make macro=value and Submakes
A command-line variable definition such as
foo=bar overrides any
foo in a makefile. Some make
implementations (such as GNU make) propagate this
override to subsidiary invocations of make. Some other
implementations do not pass the substitution along to submakes.
$ cat Makefile
foo = foo
$ make foo=bar # GNU make 3.79.1
make: Entering directory `/home/adl'
make: Leaving directory `/home/adl'
$ pmake foo=bar # BSD make
You have a few possibilities if you do want the
to propagate to submakes. One is to use the -e
option, which causes all environment variables to have precedence over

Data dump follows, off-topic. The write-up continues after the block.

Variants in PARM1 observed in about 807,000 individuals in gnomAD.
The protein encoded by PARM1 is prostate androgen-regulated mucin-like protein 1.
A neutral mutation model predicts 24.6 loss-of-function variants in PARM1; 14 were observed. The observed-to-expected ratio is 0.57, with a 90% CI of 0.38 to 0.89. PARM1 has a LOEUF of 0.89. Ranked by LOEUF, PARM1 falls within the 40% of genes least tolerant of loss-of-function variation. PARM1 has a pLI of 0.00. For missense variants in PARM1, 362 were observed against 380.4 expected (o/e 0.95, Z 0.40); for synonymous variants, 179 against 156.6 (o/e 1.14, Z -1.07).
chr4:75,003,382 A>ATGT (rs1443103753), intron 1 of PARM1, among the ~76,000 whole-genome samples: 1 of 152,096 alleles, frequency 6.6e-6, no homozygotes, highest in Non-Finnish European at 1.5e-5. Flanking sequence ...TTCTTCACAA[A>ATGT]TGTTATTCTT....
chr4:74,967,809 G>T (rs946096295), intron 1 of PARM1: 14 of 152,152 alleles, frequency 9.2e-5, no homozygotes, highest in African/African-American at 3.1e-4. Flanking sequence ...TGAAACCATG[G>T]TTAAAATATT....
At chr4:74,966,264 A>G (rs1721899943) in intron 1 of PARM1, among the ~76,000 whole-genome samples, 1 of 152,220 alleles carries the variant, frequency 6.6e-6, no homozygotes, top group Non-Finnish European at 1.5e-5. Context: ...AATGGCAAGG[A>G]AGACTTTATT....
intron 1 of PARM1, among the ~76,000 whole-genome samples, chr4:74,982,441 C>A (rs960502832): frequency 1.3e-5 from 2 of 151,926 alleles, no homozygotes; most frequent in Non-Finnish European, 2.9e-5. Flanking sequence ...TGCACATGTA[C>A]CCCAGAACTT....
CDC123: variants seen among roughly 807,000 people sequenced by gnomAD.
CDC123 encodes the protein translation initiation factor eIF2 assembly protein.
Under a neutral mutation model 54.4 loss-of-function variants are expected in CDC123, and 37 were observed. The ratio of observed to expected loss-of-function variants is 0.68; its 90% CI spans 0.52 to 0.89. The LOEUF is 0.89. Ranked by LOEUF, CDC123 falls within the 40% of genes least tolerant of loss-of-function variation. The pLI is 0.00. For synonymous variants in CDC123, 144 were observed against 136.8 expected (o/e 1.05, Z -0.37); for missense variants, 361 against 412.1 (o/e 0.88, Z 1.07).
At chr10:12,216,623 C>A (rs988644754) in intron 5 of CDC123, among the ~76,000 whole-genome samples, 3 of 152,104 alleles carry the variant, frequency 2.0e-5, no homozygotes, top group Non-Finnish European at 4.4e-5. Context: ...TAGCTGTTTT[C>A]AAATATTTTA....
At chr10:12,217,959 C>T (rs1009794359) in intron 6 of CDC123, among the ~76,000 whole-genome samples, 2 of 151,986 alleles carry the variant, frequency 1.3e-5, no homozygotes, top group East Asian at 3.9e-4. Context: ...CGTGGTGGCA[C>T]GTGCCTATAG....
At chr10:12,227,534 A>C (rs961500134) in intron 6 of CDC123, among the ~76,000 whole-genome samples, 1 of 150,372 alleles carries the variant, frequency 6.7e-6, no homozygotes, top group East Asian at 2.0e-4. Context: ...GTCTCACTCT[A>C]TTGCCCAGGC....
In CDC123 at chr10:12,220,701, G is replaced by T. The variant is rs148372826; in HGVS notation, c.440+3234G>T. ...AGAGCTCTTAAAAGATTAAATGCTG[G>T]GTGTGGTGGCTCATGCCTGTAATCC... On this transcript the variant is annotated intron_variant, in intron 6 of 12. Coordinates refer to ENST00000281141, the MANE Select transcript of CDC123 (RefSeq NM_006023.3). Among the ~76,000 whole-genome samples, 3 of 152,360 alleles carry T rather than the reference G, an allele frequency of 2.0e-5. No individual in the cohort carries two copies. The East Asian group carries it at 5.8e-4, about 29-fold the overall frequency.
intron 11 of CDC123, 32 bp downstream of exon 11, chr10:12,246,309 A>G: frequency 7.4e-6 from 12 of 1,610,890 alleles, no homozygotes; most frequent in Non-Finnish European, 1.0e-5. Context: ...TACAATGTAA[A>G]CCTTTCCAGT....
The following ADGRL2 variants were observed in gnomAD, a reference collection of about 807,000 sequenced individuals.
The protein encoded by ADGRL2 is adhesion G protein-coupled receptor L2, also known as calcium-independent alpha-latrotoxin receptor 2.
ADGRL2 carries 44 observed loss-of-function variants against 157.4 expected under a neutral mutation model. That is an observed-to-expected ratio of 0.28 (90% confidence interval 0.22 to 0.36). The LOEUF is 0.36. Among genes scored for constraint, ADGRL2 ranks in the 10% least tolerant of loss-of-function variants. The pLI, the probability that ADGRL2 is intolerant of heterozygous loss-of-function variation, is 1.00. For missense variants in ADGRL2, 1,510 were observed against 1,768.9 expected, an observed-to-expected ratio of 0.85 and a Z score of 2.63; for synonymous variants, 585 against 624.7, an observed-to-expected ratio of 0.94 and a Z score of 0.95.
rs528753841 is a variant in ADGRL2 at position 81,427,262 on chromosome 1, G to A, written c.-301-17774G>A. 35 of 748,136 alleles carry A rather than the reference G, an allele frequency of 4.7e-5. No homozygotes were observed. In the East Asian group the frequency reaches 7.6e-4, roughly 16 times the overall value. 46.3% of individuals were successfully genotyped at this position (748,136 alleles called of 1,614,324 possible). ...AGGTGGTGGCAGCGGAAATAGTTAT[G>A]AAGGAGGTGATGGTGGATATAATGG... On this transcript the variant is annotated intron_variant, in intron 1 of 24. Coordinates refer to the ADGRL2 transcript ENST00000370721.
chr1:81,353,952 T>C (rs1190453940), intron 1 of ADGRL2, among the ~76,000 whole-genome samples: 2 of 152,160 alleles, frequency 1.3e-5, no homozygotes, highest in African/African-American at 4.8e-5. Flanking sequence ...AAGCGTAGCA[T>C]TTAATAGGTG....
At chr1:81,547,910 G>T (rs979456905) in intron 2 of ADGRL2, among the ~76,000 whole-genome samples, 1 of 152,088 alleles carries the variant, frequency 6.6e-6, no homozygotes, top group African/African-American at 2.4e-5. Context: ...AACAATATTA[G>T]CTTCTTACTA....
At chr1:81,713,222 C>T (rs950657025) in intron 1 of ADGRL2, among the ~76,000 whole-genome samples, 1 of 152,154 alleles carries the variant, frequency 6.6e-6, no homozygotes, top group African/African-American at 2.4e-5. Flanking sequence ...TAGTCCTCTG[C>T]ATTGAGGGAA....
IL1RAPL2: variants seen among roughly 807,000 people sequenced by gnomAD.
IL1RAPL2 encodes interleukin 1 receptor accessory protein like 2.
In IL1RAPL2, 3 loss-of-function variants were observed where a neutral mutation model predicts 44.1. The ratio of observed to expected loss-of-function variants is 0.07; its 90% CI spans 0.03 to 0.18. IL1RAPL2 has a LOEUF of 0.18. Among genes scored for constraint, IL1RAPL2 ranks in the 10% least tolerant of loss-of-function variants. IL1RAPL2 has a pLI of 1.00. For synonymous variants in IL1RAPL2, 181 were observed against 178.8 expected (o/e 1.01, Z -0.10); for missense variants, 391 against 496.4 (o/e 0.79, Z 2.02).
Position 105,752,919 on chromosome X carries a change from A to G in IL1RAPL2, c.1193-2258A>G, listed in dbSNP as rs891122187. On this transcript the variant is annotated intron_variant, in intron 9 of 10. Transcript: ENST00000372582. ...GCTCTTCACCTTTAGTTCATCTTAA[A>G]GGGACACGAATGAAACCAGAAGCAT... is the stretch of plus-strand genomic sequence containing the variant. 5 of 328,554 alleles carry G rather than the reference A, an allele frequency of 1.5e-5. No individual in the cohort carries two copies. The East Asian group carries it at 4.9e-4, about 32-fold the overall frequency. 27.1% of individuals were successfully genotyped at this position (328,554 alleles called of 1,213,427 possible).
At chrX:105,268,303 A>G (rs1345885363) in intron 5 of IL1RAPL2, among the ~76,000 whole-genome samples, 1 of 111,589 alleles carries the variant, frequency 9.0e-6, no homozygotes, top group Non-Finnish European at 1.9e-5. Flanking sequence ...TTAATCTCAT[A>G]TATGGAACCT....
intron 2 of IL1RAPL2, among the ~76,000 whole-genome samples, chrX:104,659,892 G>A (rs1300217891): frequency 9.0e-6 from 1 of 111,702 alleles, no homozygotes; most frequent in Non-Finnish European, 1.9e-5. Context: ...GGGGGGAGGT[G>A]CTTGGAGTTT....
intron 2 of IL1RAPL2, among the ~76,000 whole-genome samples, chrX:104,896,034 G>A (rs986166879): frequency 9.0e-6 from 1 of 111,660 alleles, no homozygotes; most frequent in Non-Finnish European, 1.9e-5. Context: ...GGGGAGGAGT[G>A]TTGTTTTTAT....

the makefile macro definitions, and declare foo as an environment
$ env foo=bar make -e
The -e option is propagated to submakes automatically,
and since the environment is inherited between make
foo macro is overridden in
submakes as expected.
This syntax (
foo=bar make -e) is portable only when used
outside of a makefile, for instance from a script or from the
command line. When run inside a make rule, GNU
make 3.80 and prior versions forget to propagate the
-e option to submakes.
Moreover, using -e could have unexpected side effects if your
environment contains some other macros usually defined by the
makefile. (See also the note about
make -e and
Another way to propagate overrides to submakes is to do it
manually, from your makefile:
foo = foo
$(MAKE) foo=$(foo) two
You need to foresee all macros that a user might want to override if
you do that.